“It made the hairs stand up on the back of my neck and I got goose-bumps. You just think: `I can’t believe I’m looking at this, it’s just beyond description,'” Lee said. “The freedom and the distances overwhelm you at that point.”
One of his most rewarding missions was his last. In it, Lee and his crew performed maintenance on the Hubble Space Telescope. Lee said it was gratifying to work on an instrument that has contributed so much to science and society.
“You don’t feel the pressure until you’re out there working on a $2 billion spacecraft. You want to make sure everything goes right.”
Lee’s initial reaction to the idea of putting a spaceport in Sheboygan was: “It’s going to happen,” he said. “There are going to be commercial vehicles going to space over the next 20, 30, 50 years and the states that move out front now and get a part of that business are going to benefit.”
There is no reason Wisconsin can’t follow the ambitious projects already underway in New Mexico, California, and Florida to pave the way for the thousands that will want to send rockets up for thrills or experiments, he said.
“It’s not likely that we’ll have anything jutting out like Cape Canaveral,” he added, but already players are emerging to invest in Wisconsin’s first steps into space.
“Wisconsin is seen as a place that can contribute greatly to the research community, and space is just a new frontier,” Lee said, pointing out that the WAA is no burden to taxpayers and eventually the programs they will sponsor will help the state support high-tech jobs.
Educational programs like Rockets for Schools, an assortment of Wisconsin finance companies and firms like Rocketplane that develop orbital vehicles will pioneer the efforts, but ultimately, society will follow their lead.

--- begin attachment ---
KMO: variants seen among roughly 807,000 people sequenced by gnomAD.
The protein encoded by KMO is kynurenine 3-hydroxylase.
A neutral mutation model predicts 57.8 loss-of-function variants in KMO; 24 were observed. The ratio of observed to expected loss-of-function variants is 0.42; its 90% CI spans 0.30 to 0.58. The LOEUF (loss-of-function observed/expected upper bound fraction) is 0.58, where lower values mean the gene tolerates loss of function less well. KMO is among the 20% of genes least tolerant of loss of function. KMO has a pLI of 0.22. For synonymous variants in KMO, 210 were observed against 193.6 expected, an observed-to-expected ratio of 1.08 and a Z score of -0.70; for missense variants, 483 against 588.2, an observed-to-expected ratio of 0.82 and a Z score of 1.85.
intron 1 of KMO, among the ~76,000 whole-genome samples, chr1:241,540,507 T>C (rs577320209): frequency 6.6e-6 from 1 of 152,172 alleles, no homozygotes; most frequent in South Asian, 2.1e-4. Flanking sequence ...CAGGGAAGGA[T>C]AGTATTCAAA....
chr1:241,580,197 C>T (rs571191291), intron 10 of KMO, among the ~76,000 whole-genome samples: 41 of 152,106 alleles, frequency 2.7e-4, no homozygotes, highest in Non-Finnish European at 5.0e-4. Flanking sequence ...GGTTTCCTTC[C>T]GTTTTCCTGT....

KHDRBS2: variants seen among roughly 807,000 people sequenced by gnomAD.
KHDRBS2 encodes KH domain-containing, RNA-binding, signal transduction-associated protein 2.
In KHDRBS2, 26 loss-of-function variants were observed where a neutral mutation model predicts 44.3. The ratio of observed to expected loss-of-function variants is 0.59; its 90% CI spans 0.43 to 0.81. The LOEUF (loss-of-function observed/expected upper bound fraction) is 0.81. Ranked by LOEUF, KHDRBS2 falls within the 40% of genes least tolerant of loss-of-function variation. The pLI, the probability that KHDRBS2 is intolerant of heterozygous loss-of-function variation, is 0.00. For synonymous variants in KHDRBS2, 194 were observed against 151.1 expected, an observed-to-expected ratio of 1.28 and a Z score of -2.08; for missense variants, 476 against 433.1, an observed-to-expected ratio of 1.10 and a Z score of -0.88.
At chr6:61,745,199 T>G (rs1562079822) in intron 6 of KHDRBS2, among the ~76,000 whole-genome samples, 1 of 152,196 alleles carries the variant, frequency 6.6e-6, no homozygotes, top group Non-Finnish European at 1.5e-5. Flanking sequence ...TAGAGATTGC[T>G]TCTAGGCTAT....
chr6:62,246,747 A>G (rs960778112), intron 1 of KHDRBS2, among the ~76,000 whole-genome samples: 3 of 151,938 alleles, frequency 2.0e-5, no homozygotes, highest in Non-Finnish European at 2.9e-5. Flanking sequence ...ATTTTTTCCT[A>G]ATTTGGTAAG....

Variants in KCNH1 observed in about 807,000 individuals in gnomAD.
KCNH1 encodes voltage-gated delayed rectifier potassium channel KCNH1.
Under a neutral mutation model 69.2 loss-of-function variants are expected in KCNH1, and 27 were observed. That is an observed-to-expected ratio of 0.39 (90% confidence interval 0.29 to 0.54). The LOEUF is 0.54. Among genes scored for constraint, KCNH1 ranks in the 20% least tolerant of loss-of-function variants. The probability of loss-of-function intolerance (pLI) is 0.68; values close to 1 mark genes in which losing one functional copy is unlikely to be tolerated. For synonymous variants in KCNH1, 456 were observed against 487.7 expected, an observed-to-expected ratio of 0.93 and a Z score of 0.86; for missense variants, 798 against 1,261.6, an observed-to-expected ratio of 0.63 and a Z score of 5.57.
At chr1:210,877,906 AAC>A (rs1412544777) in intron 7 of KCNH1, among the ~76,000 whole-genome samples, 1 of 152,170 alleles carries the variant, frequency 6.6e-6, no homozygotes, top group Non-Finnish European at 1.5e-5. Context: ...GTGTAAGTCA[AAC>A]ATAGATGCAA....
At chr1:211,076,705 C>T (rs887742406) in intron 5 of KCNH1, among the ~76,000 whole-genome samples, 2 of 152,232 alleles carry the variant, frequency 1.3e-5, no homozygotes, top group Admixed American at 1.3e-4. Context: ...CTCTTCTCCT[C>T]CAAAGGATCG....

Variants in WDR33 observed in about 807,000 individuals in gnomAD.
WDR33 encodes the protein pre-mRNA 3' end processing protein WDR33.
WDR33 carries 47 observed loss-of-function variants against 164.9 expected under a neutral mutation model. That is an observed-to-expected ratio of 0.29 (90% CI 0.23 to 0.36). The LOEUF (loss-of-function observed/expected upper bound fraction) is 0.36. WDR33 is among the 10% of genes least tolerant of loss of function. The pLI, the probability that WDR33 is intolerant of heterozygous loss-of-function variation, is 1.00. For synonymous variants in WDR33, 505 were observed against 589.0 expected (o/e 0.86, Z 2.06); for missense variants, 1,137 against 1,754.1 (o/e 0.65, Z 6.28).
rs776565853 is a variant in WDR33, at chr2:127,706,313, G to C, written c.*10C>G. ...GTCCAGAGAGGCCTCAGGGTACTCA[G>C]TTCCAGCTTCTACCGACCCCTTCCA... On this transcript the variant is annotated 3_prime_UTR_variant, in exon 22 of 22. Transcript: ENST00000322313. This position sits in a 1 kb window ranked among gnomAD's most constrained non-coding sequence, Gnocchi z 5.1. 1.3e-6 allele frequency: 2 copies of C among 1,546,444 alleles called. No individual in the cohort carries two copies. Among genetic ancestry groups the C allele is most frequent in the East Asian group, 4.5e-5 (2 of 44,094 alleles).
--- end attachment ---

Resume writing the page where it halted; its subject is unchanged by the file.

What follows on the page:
“It’s like when we first started flying airplanes. Only the wealthy were able to fly,” Lee said. “It will be awhile before the cost comes down but I don’t think it’s going to be a long time. I think within 15 or 20 years it will be fairly affordable for a thrill or ride.”
Benefits of space flight
Some assert, however, that space travel is fruitless. But Lee notes that items like cell phones, radar, digital technology, medical monitoring equipment and miniature computers were a direct result of needs that existed in the infancy of the mission to launch people to the moon.
“People that are skeptical really haven’t evaluated the benefits we’ve gotten from the space program,” Lee said, pointing out that NASA publishes a book cataloging the thousands of product spin-offs that originated with the space program.
“I may not be a fan of auto racing, but by pushing vehicles to the limit…it’s made all of our cars better,” he said.